intelligent. According to Harbor Research, 2011 two major technology developments at the begin of the 21st
Century emerged that appear now to be on a path of convergence The Internet of Things and The Internet of
People or more familiar social networking (Web 2.0). We can also see the enormous value that can be derived
from collaboration on the Internet now. As the Harbor Research expects in the long run any manufactured
object, which possesses inherent data processing capability, has potential to be networked. Such invisible
machine-to-machine (M2M) applications will create many new automated services. These services will be
much more important to business and to the whole economy.
These new inventions have change the way how products and services are marketed and distributed. These
changes have affected the traditional business models and led to a series of new types of models. Alt and
Zbornik, 2002 defines a typical business transaction through a physical product, information stream, and money
stream. The product stream includes order processing from procurement via storage and production to
distribution of products to the customer. The information stream includes processes, such as order processing,
supply chain and product life cycle data sharing. The IoT may be seen as an approach to align these different
streams. It provides a higher level of visibility and control mechanism. In the IoT, information itself may
become a major source for value creation and thus also for the value proposition. Traditionally, the money
stream is exclusively dependent on the product stream prices as mentioned in Andrejovska, 2011. A separate
price for the information is not defined. Instead, information is most often expected to be free of charge. It is
obvious that costs of information are hidden in the product price. However, the reluctance to pay for
information may change over time.
2. Business Model and Its Application in Internet of Things Environment
The expression business model is frequently used in research and practice, a common definition is missing
as mentioned in Morris et al., 2005. Probably the most cited definition can be found in Timmers, 1998, who
defines a business model as an architecture of products, services and information flows, what includes the
involved actors and their roles as well as the potential value created for all participants and the sourced of
revenue. Negelmann, 2001 provides another definition, where a business model defines and structures the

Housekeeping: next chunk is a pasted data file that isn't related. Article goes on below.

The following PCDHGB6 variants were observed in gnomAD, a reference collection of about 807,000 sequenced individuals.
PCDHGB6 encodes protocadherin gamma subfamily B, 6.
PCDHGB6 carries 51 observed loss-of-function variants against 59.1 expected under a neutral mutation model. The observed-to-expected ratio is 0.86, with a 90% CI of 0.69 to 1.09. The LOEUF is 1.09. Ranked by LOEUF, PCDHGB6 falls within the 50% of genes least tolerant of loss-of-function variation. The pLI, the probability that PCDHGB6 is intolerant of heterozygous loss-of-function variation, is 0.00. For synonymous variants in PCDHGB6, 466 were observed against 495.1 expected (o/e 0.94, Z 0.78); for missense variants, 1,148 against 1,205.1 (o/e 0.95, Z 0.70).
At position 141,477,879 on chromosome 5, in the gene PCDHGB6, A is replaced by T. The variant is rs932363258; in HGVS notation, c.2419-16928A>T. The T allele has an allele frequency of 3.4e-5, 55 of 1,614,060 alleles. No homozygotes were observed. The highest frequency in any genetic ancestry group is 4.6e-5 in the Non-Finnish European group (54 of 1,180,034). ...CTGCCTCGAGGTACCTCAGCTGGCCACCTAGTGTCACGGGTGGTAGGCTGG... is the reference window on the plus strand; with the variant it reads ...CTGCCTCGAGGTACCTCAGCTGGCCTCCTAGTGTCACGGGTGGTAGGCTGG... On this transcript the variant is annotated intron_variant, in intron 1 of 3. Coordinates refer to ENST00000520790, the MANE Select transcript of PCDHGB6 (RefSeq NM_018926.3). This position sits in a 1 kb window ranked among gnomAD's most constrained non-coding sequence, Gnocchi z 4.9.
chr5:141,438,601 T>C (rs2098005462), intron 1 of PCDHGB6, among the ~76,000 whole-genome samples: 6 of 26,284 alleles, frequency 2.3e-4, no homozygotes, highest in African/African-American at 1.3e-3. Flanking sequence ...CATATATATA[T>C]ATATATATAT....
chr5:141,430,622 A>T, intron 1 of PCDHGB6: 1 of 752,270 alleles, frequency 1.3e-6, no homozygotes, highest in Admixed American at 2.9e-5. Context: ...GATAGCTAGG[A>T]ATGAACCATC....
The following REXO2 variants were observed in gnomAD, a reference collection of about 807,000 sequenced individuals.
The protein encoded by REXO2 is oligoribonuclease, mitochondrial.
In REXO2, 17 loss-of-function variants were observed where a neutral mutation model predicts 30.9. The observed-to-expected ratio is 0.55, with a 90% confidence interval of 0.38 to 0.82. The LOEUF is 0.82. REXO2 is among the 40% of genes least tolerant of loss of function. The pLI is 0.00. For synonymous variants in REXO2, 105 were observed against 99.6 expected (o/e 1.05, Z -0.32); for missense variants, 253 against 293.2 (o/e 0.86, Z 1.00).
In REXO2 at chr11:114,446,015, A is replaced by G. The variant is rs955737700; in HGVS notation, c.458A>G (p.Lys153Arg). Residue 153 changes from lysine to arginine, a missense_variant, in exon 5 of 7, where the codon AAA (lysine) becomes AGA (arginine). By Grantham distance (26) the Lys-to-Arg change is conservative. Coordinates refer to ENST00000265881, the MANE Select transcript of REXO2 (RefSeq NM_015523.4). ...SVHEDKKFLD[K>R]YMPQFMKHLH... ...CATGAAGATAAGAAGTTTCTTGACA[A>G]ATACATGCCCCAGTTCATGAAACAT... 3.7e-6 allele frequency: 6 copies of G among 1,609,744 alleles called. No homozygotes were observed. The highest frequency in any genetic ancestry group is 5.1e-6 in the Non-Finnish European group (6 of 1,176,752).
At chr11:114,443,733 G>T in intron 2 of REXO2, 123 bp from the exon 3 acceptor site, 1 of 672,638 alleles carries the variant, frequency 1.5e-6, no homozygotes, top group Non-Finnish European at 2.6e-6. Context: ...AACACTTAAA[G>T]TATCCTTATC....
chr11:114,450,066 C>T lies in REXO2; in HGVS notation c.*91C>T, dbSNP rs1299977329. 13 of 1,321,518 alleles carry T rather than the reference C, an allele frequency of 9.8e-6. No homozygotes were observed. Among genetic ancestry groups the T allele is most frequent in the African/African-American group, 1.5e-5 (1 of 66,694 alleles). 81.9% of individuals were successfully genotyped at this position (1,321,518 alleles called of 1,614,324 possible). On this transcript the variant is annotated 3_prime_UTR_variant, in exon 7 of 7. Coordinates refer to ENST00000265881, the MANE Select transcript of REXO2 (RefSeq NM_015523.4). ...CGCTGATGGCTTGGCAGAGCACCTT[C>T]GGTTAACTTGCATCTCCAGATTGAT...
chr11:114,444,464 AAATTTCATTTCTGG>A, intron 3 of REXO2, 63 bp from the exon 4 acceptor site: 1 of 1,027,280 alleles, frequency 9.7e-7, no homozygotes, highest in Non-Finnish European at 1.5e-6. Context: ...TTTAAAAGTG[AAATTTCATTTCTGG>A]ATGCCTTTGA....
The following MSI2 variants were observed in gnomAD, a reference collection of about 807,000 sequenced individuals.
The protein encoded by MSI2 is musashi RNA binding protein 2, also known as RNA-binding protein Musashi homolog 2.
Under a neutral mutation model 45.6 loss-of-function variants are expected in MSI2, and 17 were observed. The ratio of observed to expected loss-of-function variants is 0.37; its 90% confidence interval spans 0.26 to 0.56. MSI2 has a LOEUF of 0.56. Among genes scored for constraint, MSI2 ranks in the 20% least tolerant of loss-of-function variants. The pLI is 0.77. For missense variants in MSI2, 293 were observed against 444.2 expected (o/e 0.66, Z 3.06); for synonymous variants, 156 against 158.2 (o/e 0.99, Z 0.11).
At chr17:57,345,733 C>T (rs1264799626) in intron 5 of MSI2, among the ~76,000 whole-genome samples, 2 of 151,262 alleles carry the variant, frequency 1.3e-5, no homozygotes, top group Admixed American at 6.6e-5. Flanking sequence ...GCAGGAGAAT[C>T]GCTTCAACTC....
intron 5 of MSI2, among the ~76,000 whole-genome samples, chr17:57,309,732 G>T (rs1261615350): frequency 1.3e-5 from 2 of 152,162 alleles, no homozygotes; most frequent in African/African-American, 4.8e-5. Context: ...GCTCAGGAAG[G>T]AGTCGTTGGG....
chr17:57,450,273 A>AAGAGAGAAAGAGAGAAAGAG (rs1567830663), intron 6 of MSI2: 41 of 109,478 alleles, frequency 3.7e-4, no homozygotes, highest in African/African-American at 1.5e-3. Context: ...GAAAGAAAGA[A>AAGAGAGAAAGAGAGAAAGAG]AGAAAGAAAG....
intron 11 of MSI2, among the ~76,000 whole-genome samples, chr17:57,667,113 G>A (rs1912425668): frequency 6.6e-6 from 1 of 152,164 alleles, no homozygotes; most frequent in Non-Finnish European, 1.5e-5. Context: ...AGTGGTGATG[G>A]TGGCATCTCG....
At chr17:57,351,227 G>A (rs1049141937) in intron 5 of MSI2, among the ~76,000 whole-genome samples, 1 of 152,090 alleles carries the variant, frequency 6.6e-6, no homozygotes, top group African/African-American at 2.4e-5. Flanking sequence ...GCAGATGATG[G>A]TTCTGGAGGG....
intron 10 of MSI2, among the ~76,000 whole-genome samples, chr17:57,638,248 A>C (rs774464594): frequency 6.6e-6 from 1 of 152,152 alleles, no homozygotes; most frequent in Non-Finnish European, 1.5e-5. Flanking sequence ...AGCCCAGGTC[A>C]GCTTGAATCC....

fundamental way and form of the aspired added value of a firm. It contains the description of the exchange

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processes, the roles of the participants, the profits for business partners as well as the revenue sources to be
realised. A firm with a strong business model has much better foundation for understanding the challenges of
the IoT environment and sharing its understanding among stakeholders. Mapping and using business models
facilitates change, because designers can easily modify certain elements of an existing model and simulate new
businesses. This is a way of undertaking risk free experiments, without endangering an organisation. A business
model is thus an abstract (or exemplary) description of a companys entrepreneurial activity. Using the
aforementioned definitions of business model, we use a notion of business model as an abstraction of the
complexity of a company by reducing it to its core elements and their interrelations, which facilitates the
analysis and the description of business activities. Also the business model description is an important and
starting point for business innovation and transformation, so that it can serve as means to align technology
development and economic value creation, as mentioned in Chesbrough and Rosenbloom, 2002. Business
model in regard of the IoT can be seen as a major element to unite its technical developments with its
economical business perspective.
Osterwalder and Pigneur, 2010 proposed the following definition of business model: A business model
describes the rationale of how an organization creates, delivers, and captures value. According to de Man,
2012 a business model is a description of the rationale of creating value, or, as a part of it, making money. But
this description does normally not take the form of a structure model. Osterwalder and Pigneur, 2010, Johnson